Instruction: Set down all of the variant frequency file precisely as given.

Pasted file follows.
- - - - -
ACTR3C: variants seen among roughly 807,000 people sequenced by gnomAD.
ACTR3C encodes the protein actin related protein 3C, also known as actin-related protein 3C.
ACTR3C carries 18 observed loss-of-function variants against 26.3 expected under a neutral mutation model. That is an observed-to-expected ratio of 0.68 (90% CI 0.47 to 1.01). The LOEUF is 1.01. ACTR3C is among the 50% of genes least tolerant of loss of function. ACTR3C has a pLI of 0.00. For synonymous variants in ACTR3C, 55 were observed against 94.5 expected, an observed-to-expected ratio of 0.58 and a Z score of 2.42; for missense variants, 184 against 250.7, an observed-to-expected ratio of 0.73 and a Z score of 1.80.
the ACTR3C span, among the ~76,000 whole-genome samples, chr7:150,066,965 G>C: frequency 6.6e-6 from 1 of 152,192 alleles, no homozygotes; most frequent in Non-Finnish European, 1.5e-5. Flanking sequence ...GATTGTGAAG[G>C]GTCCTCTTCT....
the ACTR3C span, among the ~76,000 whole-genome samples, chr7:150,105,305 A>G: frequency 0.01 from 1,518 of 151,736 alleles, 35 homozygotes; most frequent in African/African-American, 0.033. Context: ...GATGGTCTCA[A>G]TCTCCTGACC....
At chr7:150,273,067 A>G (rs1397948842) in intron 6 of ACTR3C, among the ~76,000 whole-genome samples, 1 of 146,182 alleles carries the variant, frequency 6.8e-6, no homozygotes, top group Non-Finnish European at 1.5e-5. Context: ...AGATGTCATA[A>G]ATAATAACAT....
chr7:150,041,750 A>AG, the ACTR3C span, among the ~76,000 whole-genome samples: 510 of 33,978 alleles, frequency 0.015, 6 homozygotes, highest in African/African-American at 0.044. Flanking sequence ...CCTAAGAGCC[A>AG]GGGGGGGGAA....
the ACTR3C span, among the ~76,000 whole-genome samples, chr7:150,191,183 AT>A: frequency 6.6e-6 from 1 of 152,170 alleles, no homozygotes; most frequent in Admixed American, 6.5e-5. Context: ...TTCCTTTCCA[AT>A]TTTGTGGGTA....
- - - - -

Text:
ACTR3C: variants seen among roughly 807,000 people sequenced by gnomAD.
ACTR3C encodes the protein actin related protein 3C, also known as actin-related protein 3C.
ACTR3C carries 18 observed loss-of-function variants against 26.3 expected under a neutral mutation model. That is an observed-to-expected ratio of 0.68 (90% CI 0.47 to 1.01). The LOEUF is 1.01. ACTR3C is among the 50% of genes least tolerant of loss of function. ACTR3C has a pLI of 0.00. For synonymous variants in ACTR3C, 55 were observed against 94.5 expected, an observed-to-expected ratio of 0.58 and a Z score of 2.42; for missense variants, 184 against 250.7, an observed-to-expected ratio of 0.73 and a Z score of 1.80.
the ACTR3C span, among the ~76,000 whole-genome samples, chr7:150,066,965 G>C: frequency 6.6e-6 from 1 of 152,192 alleles, no homozygotes; most frequent in Non-Finnish European, 1.5e-5. Flanking sequence ...GATTGTGAAG[G>C]GTCCTCTTCT....
the ACTR3C span, among the ~76,000 whole-genome samples, chr7:150,105,305 A>G: frequency 0.01 from 1,518 of 151,736 alleles, 35 homozygotes; most frequent in African/African-American, 0.033. Context: ...GATGGTCTCA[A>G]TCTCCTGACC....
At chr7:150,273,067 A>G (rs1397948842) in intron 6 of ACTR3C, among the ~76,000 whole-genome samples, 1 of 146,182 alleles carries the variant, frequency 6.8e-6, no homozygotes, top group Non-Finnish European at 1.5e-5. Context: ...AGATGTCATA[A>G]ATAATAACAT....
chr7:150,041,750 A>AG, the ACTR3C span, among the ~76,000 whole-genome samples: 510 of 33,978 alleles, frequency 0.015, 6 homozygotes, highest in African/African-American at 0.044. Flanking sequence ...CCTAAGAGCC[A>AG]GGGGGGGGAA....
the ACTR3C span, among the ~76,000 whole-genome samples, chr7:150,191,183 AT>A: frequency 6.6e-6 from 1 of 152,170 alleles, no homozygotes; most frequent in Admixed American, 6.5e-5. Context: ...TTCCTTTCCA[AT>A]TTTGTGGGTA....